## Verification Statistics for Multicategorical Forecasts

In order to make sense of how the statistics are modified when evaluating multiple categories, it will help to look at how the contingency table changes. The generalized contingency table for a three category table will look like the following:

A similar table could be constructed for comparisons of four, five, six, and so on, categories. Some statistical calculations are more easily computed when forecasts and observations are restricted to two options (as was the case in binary categorical forecasts), so one less common approach for a multi-category contingency table is to process the full table into multiple instances of 2x2 grids, focusing on one forecast category at a time. This way, each forecasted event or category can have scalar attributes calculated, as well as skill scores that reflect the entire forecast’s quality across the multiple categories. This is not a valid approach for calculating, among others, Heidke Skill Score and Gilbert Skill Score, but is considered here for a well-rounded approach to multicategorical verification.

To demonstrate how scalar attributes are calculated for a multicategory forecast, imagine a scenario where the forecast can call for three separate precipitation types: rain, snow, and ice pellets. For this scenario, forecasts and observations of no precipitation are ignored (i.e., this evaluation is conditioned on some type of precipitation both occurring and being forecasted).

The contingency table would look like the following:

To extract the scalar attributes for rain, the simplified, 2x2 contingency table would look like this:

The same simplification can be done for snow and ice pellets. As this new 2x2 contingency table demonstrates, by reducing the multicategorical options to the binary choices of each forecasted event (e.g., did the forecast predict rain rather than snow or ice pellets, did the forecast predict snow rather than rain or ice pellets, did the forecast predict ice pellets rather than rain or snow) and evaluating the corresponding observations, scalar statistics such as POD, Bias, etc. can be calculated in the same method as the binary categorical forecasts.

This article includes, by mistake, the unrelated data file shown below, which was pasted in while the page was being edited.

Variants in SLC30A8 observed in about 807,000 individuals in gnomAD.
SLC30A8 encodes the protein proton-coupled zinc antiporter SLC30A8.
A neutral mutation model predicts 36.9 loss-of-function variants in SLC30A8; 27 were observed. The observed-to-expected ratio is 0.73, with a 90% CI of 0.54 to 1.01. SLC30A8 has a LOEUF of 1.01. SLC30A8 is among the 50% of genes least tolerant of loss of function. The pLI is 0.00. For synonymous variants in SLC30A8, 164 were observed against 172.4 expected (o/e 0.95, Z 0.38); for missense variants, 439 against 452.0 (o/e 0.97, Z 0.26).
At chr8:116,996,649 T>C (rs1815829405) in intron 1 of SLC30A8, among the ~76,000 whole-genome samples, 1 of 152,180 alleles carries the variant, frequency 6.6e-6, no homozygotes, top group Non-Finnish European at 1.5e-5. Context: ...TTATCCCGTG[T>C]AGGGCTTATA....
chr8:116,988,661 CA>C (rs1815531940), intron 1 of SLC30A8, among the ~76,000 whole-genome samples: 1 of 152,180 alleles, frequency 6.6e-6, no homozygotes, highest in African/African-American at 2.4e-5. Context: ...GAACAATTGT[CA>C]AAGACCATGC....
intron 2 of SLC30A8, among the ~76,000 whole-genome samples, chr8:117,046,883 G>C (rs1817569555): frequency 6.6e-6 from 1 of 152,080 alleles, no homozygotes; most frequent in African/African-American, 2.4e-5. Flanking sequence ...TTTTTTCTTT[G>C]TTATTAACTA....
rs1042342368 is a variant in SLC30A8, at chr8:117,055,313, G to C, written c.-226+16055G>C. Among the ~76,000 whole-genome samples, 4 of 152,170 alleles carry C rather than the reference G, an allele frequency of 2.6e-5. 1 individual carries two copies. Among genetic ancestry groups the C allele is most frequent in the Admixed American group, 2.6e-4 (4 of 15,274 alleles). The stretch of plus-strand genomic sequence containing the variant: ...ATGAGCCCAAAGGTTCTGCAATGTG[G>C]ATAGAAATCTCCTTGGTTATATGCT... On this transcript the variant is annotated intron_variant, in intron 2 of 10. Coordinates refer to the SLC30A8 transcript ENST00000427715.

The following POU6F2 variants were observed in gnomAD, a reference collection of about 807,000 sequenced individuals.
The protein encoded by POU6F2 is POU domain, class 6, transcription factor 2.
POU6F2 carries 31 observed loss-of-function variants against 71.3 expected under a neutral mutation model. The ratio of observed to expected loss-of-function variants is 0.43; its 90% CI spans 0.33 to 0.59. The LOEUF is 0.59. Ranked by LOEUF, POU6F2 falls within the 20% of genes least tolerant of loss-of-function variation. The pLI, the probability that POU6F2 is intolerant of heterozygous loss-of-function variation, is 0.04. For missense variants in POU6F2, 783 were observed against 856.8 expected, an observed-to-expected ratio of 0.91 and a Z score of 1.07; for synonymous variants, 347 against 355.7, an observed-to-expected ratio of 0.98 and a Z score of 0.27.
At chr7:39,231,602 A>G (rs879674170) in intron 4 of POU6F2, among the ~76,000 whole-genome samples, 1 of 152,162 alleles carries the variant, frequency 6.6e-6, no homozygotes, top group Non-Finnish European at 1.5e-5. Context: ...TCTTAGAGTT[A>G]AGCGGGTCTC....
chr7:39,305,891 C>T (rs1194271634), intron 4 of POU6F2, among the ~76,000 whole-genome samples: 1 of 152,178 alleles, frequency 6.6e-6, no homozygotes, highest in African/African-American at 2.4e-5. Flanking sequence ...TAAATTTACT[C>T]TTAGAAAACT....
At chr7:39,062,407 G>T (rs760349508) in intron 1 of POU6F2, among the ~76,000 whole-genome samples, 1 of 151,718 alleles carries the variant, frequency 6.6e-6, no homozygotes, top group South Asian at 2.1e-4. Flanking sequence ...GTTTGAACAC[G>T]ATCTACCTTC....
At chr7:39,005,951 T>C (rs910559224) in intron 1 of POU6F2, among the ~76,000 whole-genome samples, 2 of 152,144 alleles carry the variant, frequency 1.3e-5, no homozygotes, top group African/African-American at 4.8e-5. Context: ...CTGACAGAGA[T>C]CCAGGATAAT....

One of the unique scalar statistics that does not need a contingency table simplification is Accuracy (Acc). This is due to its definition, which, when presented in its general format, becomes:

Note that t(FiOi) is the number of forecasts in category i of the multicategory contingency table that had an observation of Oi and *n* is the total number of occurrences and non-occurrences.

With this general format of Accuracy, essentially we seek to answer the question “how capable was the forecast at selecting the exact category?” To demonstrate how this would look in a 3x3 contingency table, let’s return to the previous scenario of a three precipitation type forecast. A perfect Accuracy forecast would have nonzero values only in the “Forecast Rain, Observation Rain”, “Forecast Snow, Observation Snow”, and “Forecast Ice Pellets, Observation Ice Pellets” cells, with the remaining cells being zero. The same top-left corner to lower-right corner of nonzero cells pattern would exist in the simplified 2x2 contingency table. Because no information about the forecast’s Accuracy is lost for the full count of forecast categories, Accuracy is the only scalar statistic that METplus will calculate from the full multicategory contingency table. See how to use this statistic in METplus!